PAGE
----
30 October 2010

Dateline Destin, Florida, 30 October 2010

Sara Jean had to work.
I needed a nap after my night shift.
With errands to run afterwards, we didn't leave home until after 4 P.M..
But to me that's fine... I was rested. Leaving that late puts us through three cities and their potential traffic problems post-rush hour. I actually prefer driving at night...
No glare. Less traffic on the Interstates. AM radio signals from far-away transmitters come in loud and clear. Sara Jean poured me a cuppa Joe then turned over and went to sleep in her seat with both dogs lying on a pillow on her lap. I smiled, tuned the radio to WOAI 1200 out of San Antonio and chuckled as Dennis Miller expounded on the upcoming elections.

Traffic was NO problem at all.
I drove 'neath an absolutely clear BRILLIANT-starry sky the entire trip!
We arrived Destin just after 2 A.M., and were in bed at three or so after walking the dogs and unloading the car. We both slept fine, but I have to remember the problems I have when I have a a cup of coffee and a beer just before bedding down. (Three trips... but the Master bedroom has an attached bath.)
I woke at 11 when SJ brought my morning cup.

It's 78 degrees and beautiful here. The Gulf is doing its normal thing...
This area is called "The Emerald Coast" for good reason.

I've been to Wally World and gotten the provisions.
We're getting ready to walk to Kenny D's for some Red Beans 'n Rice and a Blackened Mahi-Mahi salad.

Life is good. We're truly blessed.

29 October 2010

Ann-Margret Rides Moto Guzzi !

And she even speaks a little "Moto Guzzi" too... who knew?!
(Do we give her a pass for the improper gear?)

28 October 2010

eBay Scam?

My "Spidey Sense" is tingling. Here's why:

When I started my Goldwing search in earnest, someone pointed out that in addition to eBay I should check Craigslist.org for bikes. Listed there was a 2008 Goldwing GL1800, (that's the SIX cylinder 'Wing), supposedly in "excellent" condition.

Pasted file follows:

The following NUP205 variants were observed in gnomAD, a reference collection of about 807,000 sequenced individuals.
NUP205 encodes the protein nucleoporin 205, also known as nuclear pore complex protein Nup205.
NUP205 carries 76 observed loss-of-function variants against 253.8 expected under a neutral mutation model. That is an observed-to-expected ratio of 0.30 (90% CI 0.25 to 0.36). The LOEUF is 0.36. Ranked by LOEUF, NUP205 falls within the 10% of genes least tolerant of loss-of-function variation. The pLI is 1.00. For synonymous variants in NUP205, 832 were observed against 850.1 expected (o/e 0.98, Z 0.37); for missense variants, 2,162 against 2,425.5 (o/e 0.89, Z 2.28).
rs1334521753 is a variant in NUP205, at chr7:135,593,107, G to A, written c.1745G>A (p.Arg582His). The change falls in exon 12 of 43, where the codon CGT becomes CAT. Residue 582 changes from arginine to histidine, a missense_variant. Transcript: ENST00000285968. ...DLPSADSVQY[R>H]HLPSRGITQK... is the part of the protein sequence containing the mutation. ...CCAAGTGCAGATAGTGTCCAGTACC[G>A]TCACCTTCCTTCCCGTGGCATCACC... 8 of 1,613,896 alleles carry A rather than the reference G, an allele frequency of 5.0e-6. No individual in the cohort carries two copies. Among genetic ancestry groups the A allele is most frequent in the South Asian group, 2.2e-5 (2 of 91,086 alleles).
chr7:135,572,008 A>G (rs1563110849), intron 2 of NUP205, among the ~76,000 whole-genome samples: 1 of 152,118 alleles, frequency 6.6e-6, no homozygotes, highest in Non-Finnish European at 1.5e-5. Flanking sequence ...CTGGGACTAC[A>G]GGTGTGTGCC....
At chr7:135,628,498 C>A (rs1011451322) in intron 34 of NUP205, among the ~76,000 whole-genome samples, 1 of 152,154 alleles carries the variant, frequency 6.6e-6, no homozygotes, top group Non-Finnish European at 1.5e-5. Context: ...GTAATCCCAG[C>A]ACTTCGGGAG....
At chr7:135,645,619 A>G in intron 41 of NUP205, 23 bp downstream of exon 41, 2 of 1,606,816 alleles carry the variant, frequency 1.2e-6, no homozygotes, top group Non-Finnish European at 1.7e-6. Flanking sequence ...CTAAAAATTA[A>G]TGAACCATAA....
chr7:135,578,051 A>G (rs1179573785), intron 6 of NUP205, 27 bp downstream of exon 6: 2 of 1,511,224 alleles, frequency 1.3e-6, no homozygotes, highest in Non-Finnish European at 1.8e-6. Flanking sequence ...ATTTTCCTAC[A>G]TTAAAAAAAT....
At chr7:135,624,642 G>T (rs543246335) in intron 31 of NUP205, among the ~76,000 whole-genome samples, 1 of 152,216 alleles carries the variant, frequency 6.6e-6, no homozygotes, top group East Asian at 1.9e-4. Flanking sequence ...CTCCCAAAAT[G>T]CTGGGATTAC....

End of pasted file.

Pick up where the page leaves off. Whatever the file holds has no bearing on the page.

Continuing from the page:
The asking price? $2605.00!
I immediately wrote to the email address given and said, "If you are serious about the condition of the bike and are also serious about the $2605 selling price, mark it sold and tell me where to pick it up. I'll come with cash."
I got no response. So I continued my search, culminating in my purchase of the '87 Interstate I'm now thoroughly enjoying.

Two days ago I got a response from the seller of the 2008 Goldwing.
"I'm sorry for the delayed response but I've been out of the country on a mission with Unicef. Yes, the Goldwing is still for sale. As you can see I'm making no profit on the bike. My priorities in life have changed and I will donate the proceeds from the sale of the bike to charity."

The seller, a woman apparently, goes on to tell me the bike is ready to be shipped from a delivery agency in Mobile, AL., and the only way she'll be comfortable completing the sale is via eBay through their "Vehicle Protection Plan".

So whatd'ya think?
This seems like one of those "too good to be true" deals. If the bike is, in fact, in "excellent" condition, it's worth $15-18,000. I'd obviously LOVE to buy this bike for a fraction of its value!
I've now written and asked if we can go through Mobile on our way to Destin next week and view the bike. I'll let ya know if/when I get an answer.

In the meantime, I'd appreciate any advice you have about making sure I'm actually dealing with eBay and their "Vehicle Protection Plan"!

"Why Do We Ride?"

Blogfriend Tim Frazier was asked the question.
I like
his answer a lot!

27 October 2010

Illegal Aliens

Everyone has one-
A bellybutton.
And an opinion on how to curtail illegal immigration.
Here's mine:

1. Build the damn fence. (We built the Panama Canal when no one else could. Stop with the stupid excuses!)

2. When an illegal is stopped for ANY offense, deport them. (Q.- How do you eat an elephant? Ans.- One bite at a time.)

3. Broadcast from every possible source that anyone caught here illegally will be identified via fingerprints, Iris scans, whatever, and will NEVER be allowed entry into the U.S. again.

4. Solve the problems in our LEGAL immigration system. It's obviously a BIG part of this problem.

I think if an illegal knew their chances of ever being a citizen was zero if they were caught here illegally, not only would it help stem the border crossings, but many here already might go home to avoid being caught and forever banned.

How 'bout you?
Where am I wrong?
Got any better ideas?

26 October 2010

Democrats Cheat!

Democrats cheat.
Democrats cheat.
Democrats cheat.
Be careful Dems.
If change cannot come via non-violent means, it leaves only one alternative.

Voting Early

We've already begun to pack for our drive to Destin Friday. We'll be in Florida 10 days, so election night we'll probably be in front of the TV in Destin with the sound of waves breaking against the shore right outside our sliding glass door.
We voted yesterday. I called to ask about absentee ballots and the clerk said "Why not just come and vote early and avoid all the trouble of mailing it in?"
Good idea.

I had concerns about these new electric polling booths...